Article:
Religious headgear used in sports despite Nike Pro Hijab expected release
Turbans, hijabs and other forms of headgear worn by athletes for years
Reported by Shoji Whittier
While Nike’s new Pro Hijab is making waves in the sporting community, athletes have been wearing religious headgear on sports field for years.
At the 2016 Rio Olympics, Muslim women wearing hijabs won medals in sports such as fencing, weightlifting and taekwondo. Athletic headgear has been available through smaller companies, such as Asiya,the Muslim active wear company, but Nike is the first to produce it on an international scale.
Sumaiya Fathahulla, a Muslim health sciences student, wore a hijab while playing soccer, basketball and field hockey in high school. Fathahulla said she doesn’t consider it a hassle to wear a hijab. While playing sports, she just wraps it differently.
Headgear not difficult to wear
“They’re not a difficulty [to wear] at all, I think you get used to it,” Fathahulla said. “It’s kind of like turbans, for example, or wearing a hat. You eventually don’t notice it.”
Some Sikh athletes wear turbans, using different wrapping styles to secure them during play.
Harjaap Singh, head of the Langara Sikh Association, participates in the martial art form Gatka. Singh wears his turban in the Dumalla style, which is designed for martial arts.
“[Many people] consider every type of turban as the same,” Singh said. “But there are different types of turbans for different occasions and for different activities.”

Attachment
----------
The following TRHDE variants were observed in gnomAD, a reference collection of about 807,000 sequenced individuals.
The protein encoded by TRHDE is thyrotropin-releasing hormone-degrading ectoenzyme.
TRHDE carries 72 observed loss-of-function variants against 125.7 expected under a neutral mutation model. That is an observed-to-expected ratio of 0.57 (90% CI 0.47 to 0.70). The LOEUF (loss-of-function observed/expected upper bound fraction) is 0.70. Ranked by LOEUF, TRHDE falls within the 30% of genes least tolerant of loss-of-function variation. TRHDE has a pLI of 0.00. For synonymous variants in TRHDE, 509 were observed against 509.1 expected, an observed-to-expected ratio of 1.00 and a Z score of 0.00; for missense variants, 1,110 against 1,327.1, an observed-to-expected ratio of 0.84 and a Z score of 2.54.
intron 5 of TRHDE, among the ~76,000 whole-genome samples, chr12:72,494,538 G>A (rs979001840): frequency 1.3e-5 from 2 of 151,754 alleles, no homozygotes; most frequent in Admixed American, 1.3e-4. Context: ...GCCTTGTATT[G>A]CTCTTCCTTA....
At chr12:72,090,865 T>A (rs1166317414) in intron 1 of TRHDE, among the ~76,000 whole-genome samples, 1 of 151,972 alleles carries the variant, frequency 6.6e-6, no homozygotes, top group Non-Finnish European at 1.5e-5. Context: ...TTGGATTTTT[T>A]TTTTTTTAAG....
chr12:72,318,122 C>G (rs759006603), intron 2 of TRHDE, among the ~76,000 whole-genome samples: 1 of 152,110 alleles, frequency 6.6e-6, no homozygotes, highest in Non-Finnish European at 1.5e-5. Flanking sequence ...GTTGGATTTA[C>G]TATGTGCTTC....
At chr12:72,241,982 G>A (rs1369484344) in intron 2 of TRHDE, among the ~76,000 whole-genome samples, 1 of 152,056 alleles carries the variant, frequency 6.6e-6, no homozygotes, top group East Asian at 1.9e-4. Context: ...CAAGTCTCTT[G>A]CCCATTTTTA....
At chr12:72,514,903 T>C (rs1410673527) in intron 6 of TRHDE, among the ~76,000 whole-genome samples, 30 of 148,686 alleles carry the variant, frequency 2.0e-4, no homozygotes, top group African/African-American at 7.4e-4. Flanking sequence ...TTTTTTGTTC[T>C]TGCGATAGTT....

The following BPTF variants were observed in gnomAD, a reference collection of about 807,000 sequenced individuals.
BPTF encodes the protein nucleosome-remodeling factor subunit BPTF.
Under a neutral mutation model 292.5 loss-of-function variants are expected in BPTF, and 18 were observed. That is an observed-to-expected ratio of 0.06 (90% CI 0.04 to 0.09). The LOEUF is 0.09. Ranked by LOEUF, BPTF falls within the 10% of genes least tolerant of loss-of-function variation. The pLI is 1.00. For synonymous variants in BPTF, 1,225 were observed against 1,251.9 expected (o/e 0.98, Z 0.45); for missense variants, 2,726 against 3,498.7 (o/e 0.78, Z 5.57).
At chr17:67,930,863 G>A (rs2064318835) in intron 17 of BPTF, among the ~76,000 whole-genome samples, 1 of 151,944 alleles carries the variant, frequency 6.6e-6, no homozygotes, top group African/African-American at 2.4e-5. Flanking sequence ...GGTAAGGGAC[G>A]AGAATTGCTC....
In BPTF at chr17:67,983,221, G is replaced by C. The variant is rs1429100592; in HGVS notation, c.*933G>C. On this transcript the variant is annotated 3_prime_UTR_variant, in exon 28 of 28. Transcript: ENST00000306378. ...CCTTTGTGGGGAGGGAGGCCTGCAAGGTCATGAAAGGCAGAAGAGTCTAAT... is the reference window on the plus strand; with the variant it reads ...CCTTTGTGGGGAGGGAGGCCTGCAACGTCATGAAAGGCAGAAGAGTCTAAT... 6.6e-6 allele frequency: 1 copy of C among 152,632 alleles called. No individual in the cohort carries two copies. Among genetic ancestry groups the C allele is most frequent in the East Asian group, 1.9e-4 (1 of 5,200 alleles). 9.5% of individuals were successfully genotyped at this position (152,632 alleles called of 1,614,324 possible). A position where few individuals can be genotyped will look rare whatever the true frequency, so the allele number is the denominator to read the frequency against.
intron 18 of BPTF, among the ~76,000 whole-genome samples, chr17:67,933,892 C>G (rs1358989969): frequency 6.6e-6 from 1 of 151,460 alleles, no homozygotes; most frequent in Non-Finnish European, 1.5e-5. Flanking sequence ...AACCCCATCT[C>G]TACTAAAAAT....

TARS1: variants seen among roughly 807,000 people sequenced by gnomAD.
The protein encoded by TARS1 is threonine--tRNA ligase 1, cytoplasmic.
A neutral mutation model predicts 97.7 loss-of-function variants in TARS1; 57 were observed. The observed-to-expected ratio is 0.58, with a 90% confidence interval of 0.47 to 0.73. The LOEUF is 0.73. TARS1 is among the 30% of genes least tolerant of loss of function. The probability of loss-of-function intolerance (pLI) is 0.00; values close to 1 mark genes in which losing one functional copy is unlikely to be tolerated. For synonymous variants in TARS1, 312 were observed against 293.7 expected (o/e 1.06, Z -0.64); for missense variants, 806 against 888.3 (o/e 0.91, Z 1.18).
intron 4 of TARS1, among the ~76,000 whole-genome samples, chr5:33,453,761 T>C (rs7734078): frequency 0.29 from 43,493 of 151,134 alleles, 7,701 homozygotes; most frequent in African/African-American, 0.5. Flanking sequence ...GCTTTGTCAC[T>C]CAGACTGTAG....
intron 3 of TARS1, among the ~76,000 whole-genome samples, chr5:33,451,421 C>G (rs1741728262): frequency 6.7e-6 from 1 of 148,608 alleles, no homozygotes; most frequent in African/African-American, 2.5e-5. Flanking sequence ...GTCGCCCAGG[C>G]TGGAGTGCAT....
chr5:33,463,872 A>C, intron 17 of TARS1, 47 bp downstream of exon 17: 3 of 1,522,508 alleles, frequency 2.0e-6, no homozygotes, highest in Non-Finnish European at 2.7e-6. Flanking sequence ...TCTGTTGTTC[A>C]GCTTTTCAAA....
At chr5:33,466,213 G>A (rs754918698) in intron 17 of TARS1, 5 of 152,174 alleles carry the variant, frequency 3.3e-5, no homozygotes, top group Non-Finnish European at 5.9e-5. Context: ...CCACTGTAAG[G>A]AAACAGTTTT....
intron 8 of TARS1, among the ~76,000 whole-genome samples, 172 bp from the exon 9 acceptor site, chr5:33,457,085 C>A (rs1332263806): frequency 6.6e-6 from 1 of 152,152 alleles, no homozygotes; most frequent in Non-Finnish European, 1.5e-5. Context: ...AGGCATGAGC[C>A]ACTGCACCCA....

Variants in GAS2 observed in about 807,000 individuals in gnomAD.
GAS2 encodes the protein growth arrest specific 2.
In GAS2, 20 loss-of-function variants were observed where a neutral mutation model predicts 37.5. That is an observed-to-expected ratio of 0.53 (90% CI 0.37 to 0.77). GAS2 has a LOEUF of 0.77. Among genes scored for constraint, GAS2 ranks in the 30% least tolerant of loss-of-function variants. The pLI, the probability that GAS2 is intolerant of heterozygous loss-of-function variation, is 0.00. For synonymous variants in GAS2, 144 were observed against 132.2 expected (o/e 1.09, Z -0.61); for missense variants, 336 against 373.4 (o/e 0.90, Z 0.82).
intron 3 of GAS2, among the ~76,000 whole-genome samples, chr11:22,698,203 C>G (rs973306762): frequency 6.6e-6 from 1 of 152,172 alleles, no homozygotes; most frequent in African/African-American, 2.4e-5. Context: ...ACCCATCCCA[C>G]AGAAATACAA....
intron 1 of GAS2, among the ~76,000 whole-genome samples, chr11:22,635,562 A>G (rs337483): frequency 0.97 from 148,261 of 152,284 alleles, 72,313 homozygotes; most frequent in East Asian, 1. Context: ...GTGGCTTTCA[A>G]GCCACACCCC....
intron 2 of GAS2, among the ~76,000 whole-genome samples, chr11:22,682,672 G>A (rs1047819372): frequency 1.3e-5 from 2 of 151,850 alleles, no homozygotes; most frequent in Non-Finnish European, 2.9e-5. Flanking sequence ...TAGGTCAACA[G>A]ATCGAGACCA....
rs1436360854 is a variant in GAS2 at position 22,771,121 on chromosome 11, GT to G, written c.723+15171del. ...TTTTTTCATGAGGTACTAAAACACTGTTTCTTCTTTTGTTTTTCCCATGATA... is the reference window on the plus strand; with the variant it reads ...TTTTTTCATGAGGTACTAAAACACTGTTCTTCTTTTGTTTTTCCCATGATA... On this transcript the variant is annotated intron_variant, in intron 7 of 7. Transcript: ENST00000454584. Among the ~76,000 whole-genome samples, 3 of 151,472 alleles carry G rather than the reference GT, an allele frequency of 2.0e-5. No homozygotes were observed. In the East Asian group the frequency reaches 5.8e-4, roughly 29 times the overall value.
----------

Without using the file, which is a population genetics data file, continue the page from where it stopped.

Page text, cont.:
Emergence of Muslim women in sports
Hasan Malik, head of the Langara Muslim Student Association, said he thinks Nike’s release helps fill an expanding market.
“There has been an emergence of Muslim women in sports,” Malik said. “There was the first woman athlete from America who wore the hijab in the Olympics last year. So I think they noticed that.”
Nike is planning to release the athletic hijab in 2018. It’s designed to address performance problems by using a breathable, light-weight fabric that stays on better during sports activity.
Fathahulla said she is glad that Nike is making sports hijabs.
“[With] Nike recognizing that Hijabi women athletes are out there, I think makes it that much more amazing because it encourages the younger generation of Hijabi Muslim women to go for it.”